Chickens? What Chickens? – Neiafu, Vava’u, Tonga

070604-chickens_170Everywhere you look in Neiafu there are chickens. In front yards, running across the road, in backs of trucks. And where there’s chickens, there’s eggs. Lots of ‘em. So we have to be very careful to avert our eyes in case we surreptiously start counting them. No sir, not us, we’re not counting chickens….or eggs…or anything remotely poultry-related. Continue reading “Chickens? What Chickens? – Neiafu, Vava’u, Tonga”

What a Difference a Day Makes – Ha’apai, Tionga

“Twenty four little hours” – isn’t that how the song goes?? Life is fickle out here in the cruising world, and there are no guarantees that things will go according to plan. Yesterday our happy Ha’apai world was turned upside down when George the autopilot failed again, with that bleak message “No Pilot” blinking at us maliciously.

Seathan from Rehua, who’s a savvy chappie in all things electronic and mechanical came over to help us troubleshoot the problem. He cleaned up all the connections again and made some improvements and bingo, we were back up and running. Hallelujah! But we were anxious that this was an intermittent fault, so yesterday we did another test, motoring 3 hours south with Rehua and Phileas to give George another chance. And he didn’t skip a beat, performing flawlessly…..until we got to the anchorage when he went AWOL again. Shit, damn, bugger! We had our hopes up that finally all was well and we’d be able to sail south with our buddies. But that bubble has well and truly burst.

This morning Seathan and Bruce had a last-ditch attempt to re-work the problem, trying a few new strategies, but none worked. It’s just not feasible for the two of us to hand-steer all the way to New Zealand in what may be a very gnarly passage, so we’ve sadly had to accept the inevitable – that we can’t continue on without getting the autopilot fixed. Both Rehua and Phileas need to get going to meet their deadlines in New Zealand, so last night we had a very lovely, if rather sad, farewell barbecue on the beach with them. We feel gutted, and it’s hard not to be doing this last leg with our friends, but we wish them fair winds and safe sail, knowing we’ll catch up with them in the not too distant future.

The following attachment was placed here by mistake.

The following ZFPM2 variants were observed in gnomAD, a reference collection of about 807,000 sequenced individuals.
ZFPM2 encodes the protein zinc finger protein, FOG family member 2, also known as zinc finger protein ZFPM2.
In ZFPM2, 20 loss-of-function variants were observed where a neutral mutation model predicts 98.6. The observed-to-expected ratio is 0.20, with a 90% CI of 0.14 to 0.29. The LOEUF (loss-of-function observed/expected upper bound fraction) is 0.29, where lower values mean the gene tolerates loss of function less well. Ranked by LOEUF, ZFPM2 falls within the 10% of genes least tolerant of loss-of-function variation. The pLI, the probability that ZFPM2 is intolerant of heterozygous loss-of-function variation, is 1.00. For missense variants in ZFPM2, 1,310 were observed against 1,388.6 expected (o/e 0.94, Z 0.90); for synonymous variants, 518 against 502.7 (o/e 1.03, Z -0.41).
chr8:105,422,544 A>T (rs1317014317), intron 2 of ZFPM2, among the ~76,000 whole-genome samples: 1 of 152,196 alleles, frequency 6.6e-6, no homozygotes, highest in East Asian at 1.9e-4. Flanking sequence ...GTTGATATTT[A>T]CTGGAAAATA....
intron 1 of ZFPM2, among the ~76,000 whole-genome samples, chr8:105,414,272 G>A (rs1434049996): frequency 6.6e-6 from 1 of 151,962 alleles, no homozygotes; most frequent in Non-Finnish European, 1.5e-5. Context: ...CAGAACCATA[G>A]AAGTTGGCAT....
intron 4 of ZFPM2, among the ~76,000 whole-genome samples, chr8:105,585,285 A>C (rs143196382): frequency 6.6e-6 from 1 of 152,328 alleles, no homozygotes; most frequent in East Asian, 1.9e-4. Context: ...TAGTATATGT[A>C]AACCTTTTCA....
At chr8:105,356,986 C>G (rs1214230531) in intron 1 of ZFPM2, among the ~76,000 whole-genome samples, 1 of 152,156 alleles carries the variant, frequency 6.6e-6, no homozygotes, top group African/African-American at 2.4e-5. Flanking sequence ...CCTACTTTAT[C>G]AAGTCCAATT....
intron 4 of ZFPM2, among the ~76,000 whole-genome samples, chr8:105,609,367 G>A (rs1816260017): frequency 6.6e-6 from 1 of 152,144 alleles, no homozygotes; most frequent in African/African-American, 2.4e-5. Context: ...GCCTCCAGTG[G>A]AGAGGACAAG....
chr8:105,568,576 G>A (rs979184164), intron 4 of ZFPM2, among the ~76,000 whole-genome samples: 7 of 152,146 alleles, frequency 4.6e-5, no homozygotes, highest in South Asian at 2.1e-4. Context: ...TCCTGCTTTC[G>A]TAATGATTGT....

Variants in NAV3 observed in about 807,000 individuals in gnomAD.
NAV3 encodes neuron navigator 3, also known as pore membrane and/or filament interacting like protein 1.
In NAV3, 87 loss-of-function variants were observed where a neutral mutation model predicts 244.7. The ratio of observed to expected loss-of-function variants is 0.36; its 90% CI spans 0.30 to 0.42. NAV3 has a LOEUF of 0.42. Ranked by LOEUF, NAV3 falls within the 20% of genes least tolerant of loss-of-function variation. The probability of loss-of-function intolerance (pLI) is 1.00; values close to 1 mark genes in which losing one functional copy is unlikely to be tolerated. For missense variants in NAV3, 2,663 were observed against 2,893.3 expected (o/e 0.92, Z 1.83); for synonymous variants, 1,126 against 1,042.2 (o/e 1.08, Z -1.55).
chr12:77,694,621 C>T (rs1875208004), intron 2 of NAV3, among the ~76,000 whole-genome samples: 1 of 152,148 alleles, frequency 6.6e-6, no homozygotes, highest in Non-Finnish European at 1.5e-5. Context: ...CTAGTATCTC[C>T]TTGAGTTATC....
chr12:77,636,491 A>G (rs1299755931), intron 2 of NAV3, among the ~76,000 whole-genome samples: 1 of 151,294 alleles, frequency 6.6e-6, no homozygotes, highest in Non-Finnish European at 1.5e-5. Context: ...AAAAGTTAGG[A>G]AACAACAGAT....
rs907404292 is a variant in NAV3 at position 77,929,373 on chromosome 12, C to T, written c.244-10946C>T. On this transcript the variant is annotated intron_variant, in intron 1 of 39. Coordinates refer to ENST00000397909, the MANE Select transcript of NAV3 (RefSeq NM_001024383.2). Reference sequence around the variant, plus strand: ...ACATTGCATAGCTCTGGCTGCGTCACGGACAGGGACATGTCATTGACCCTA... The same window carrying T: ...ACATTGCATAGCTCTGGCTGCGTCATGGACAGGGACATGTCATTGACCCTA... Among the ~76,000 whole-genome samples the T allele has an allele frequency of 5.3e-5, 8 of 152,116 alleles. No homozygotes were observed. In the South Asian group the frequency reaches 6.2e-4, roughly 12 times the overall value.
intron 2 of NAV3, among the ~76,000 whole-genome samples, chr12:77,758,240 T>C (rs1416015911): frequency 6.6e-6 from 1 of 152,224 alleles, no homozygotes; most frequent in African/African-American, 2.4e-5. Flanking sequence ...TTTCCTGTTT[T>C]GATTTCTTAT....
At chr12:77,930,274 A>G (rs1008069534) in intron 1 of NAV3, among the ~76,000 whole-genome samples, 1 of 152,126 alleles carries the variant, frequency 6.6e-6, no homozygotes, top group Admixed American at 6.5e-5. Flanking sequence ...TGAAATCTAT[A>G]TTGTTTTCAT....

So our only option now is to sail back to Vava’u, where we hope we can get some assistance from Alan at the boatyard. Other wonderful cruising friends, Marce and Jack from “Escape Velocity” have been relaying our problem to Alan, and he’s willing to look at it early next week. Tonight we’re anchored back in Ha’ano, our initial anchorage in the Ha’apai group, and tomorrow we’ll do the rather lonely sail back to Vava’u. Providing we can get parts sent quickly, we’re still hopeful that we can get back out within the next week to ten days. At least we’ll have internet again so we’ll be back on the grid. Here’s hoping for a quick turnaround.

Happy Days – Ha’apai, Tonga

Toucan anchored off Nukupule Island, Ha'apai
Toucan anchored off Nukupule Island, Ha’apai

Well, the good news is that George, our autopilot, is back on duty after downing tools for a while. Maybe he just needed a rest after working hard for the last 10,000NM. The other good news is that we’re having the best time in these wonderful remote islands.

our own uninhabited castaway island - Nukupule
our own uninhabited castaway island – Nukupule

The only slight cloud hovering over us is that we don’t know exactly what the problem was with George, and whether it’ll occur again. We were motoring between islands when the message “No Pilot” popped up on the control unit. And indeed, just like that, he’d gone AWOL. Searching through the manuals the only scrap of information we could find indicated it could be a problem with the course computer. So Bruce checked the fuse – no problem there, unplugged the connections and checked them – all OK. checked the voltage to the unit, all OK. Re-connected the wires….and hey presto he was back! We’ve taken him out on a test run and he behaved impeccably. Without knowing exactly what caused the problem, it’s pointless trying to get spare parts. So we hope and pray that he can stay on duty and get us safely to New Zealand.

Meanwhile we’ve become a herd of cats, enjoying the company of Phileas and Rehua, and spending our days diving, snorkelling and beach-combing. It’s going to be hard to tear ourselves away from these magic islands but we can hear the clock ticking and we’re checking the weather gribs daily. There’s an opportunity coming up this weekend that may give us a weather window to NZ, and we’re waiting for confirmation from the weather guru, Bob McDavitt, who we’ve engaged to do a passage plan for us. In the meantime we’ll make the most of our time here in this special paradise, and who knows, we may even get to catch ourselves some lobster for the barbecue. Life is good.

Three cats in the neighbourhood
Three cats in the neighbourhood

the active volcano in the distance
the active volcano in the distance

Ha'apai sunset
Ha’apai sunset




Off The Grid – Ha’apai, Tonga

The anchorage at Ha'ano, Ha'apai
The anchorage at Ha’ano, Ha’apai

As you probably know by now, we like getting off the grid, exploring those more remote parts of the world, and the Ha’apai group of islands just south of Vava’u (still part of Tonga) are beckoning to us, holding the promise of beautiful uninhabited islands with sandy beaches and plentiful reefs for snorkelling and diving. A bit like the Tuamotus, historically they’ve been avoided by cruising sailors because of the navigational hazards, but with the advent of GPS and more accurate charting, they’re becoming an increasingly popular destination for cruisers enroute to New Zealand. Continue reading “Off The Grid – Ha’apai, Tonga”